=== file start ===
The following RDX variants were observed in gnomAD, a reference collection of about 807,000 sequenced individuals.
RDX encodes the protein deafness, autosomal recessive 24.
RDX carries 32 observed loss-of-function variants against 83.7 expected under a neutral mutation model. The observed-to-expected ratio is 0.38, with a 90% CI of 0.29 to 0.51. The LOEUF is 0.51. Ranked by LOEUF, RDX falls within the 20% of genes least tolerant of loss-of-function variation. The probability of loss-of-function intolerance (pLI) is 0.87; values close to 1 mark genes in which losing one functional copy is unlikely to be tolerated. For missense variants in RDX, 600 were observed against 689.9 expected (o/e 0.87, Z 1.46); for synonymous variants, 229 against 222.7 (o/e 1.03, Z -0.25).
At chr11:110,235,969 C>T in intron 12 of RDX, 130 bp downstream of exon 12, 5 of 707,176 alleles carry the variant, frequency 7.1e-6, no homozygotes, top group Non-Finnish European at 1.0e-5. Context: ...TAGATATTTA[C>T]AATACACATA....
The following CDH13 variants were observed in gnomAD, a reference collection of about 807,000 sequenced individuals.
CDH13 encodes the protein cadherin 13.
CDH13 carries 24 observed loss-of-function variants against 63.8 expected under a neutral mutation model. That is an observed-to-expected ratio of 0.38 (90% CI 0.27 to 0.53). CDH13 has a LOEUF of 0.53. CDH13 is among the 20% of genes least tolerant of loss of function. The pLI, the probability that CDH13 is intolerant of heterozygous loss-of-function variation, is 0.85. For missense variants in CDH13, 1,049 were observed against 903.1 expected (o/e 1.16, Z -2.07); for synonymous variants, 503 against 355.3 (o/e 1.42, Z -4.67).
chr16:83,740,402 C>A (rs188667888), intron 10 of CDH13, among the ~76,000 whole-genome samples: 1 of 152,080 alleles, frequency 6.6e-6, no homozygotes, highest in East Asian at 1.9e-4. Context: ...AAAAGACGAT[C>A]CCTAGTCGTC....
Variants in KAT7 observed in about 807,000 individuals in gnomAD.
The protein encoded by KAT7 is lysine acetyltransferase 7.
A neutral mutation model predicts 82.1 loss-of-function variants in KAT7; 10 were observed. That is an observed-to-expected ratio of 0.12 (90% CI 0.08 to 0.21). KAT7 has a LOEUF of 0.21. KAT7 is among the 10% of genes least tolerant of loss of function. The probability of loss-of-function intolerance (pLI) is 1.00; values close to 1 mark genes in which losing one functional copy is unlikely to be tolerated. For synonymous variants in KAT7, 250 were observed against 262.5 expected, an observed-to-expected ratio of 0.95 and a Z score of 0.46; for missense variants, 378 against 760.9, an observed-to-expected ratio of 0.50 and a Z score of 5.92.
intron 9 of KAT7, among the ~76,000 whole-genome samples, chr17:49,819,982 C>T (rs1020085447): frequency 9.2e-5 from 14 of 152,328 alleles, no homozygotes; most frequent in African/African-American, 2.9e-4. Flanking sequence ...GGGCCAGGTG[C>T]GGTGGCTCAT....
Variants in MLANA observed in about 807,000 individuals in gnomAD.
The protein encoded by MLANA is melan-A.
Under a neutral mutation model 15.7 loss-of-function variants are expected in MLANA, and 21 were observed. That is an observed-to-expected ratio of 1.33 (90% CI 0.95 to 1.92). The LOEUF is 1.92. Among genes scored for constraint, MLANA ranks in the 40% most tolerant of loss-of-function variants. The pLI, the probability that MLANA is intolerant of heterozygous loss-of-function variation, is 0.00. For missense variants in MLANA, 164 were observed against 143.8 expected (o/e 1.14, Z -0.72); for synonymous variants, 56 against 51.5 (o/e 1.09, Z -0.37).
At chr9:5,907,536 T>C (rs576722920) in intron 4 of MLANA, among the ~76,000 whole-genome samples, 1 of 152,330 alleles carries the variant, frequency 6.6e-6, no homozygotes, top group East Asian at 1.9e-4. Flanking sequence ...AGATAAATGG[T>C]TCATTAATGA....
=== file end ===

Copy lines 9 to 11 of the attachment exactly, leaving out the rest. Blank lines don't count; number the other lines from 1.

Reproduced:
Variants in KAT7 observed in about 807,000 individuals in gnomAD.
The protein encoded by KAT7 is lysine acetyltransferase 7.
A neutral mutation model predicts 82.1 loss-of-function variants in KAT7; 10 were observed. That is an observed-to-expected ratio of 0.12 (90% CI 0.08 to 0.21). KAT7 has a LOEUF of 0.21. KAT7 is among the 10% of genes least tolerant of loss of function. The probability of loss-of-function intolerance (pLI) is 1.00; values close to 1 mark genes in which losing one functional copy is unlikely to be tolerated. For synonymous variants in KAT7, 250 were observed against 262.5 expected, an observed-to-expected ratio of 0.95 and a Z score of 0.46; for missense variants, 378 against 760.9, an observed-to-expected ratio of 0.50 and a Z score of 5.92.